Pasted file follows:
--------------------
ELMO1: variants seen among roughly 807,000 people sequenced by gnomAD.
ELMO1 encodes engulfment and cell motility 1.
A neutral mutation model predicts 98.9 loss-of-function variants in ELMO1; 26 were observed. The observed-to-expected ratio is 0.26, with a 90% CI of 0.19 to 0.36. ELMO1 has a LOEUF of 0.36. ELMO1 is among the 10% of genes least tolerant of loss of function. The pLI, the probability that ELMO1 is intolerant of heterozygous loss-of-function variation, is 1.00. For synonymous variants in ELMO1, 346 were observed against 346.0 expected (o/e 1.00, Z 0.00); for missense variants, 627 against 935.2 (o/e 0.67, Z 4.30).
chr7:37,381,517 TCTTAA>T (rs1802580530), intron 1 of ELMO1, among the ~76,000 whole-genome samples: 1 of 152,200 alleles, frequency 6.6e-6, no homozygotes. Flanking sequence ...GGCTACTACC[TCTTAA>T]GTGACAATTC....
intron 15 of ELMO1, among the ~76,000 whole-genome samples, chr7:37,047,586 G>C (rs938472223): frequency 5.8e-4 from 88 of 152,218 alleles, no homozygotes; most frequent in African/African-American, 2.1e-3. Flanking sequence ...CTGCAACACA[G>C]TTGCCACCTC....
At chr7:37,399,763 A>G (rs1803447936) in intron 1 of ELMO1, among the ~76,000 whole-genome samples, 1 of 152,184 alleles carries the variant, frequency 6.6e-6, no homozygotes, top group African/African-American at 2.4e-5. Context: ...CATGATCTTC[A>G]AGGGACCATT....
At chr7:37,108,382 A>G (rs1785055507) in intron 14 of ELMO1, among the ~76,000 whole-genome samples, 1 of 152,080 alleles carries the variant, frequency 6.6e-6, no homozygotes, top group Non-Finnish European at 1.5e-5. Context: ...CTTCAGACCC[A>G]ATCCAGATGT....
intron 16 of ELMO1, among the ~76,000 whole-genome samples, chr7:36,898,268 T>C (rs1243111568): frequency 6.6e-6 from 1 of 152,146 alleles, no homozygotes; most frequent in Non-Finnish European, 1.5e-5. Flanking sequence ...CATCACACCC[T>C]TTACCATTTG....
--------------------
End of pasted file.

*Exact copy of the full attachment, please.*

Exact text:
ELMO1: variants seen among roughly 807,000 people sequenced by gnomAD.
ELMO1 encodes engulfment and cell motility 1.
A neutral mutation model predicts 98.9 loss-of-function variants in ELMO1; 26 were observed. The observed-to-expected ratio is 0.26, with a 90% CI of 0.19 to 0.36. ELMO1 has a LOEUF of 0.36. ELMO1 is among the 10% of genes least tolerant of loss of function. The pLI, the probability that ELMO1 is intolerant of heterozygous loss-of-function variation, is 1.00. For synonymous variants in ELMO1, 346 were observed against 346.0 expected (o/e 1.00, Z 0.00); for missense variants, 627 against 935.2 (o/e 0.67, Z 4.30).
chr7:37,381,517 TCTTAA>T (rs1802580530), intron 1 of ELMO1, among the ~76,000 whole-genome samples: 1 of 152,200 alleles, frequency 6.6e-6, no homozygotes. Flanking sequence ...GGCTACTACC[TCTTAA>T]GTGACAATTC....
intron 15 of ELMO1, among the ~76,000 whole-genome samples, chr7:37,047,586 G>C (rs938472223): frequency 5.8e-4 from 88 of 152,218 alleles, no homozygotes; most frequent in African/African-American, 2.1e-3. Flanking sequence ...CTGCAACACA[G>C]TTGCCACCTC....
At chr7:37,399,763 A>G (rs1803447936) in intron 1 of ELMO1, among the ~76,000 whole-genome samples, 1 of 152,184 alleles carries the variant, frequency 6.6e-6, no homozygotes, top group African/African-American at 2.4e-5. Context: ...CATGATCTTC[A>G]AGGGACCATT....
At chr7:37,108,382 A>G (rs1785055507) in intron 14 of ELMO1, among the ~76,000 whole-genome samples, 1 of 152,080 alleles carries the variant, frequency 6.6e-6, no homozygotes, top group Non-Finnish European at 1.5e-5. Context: ...CTTCAGACCC[A>G]ATCCAGATGT....
intron 16 of ELMO1, among the ~76,000 whole-genome samples, chr7:36,898,268 T>C (rs1243111568): frequency 6.6e-6 from 1 of 152,146 alleles, no homozygotes; most frequent in Non-Finnish European, 1.5e-5. Flanking sequence ...CATCACACCC[T>C]TTACCATTTG....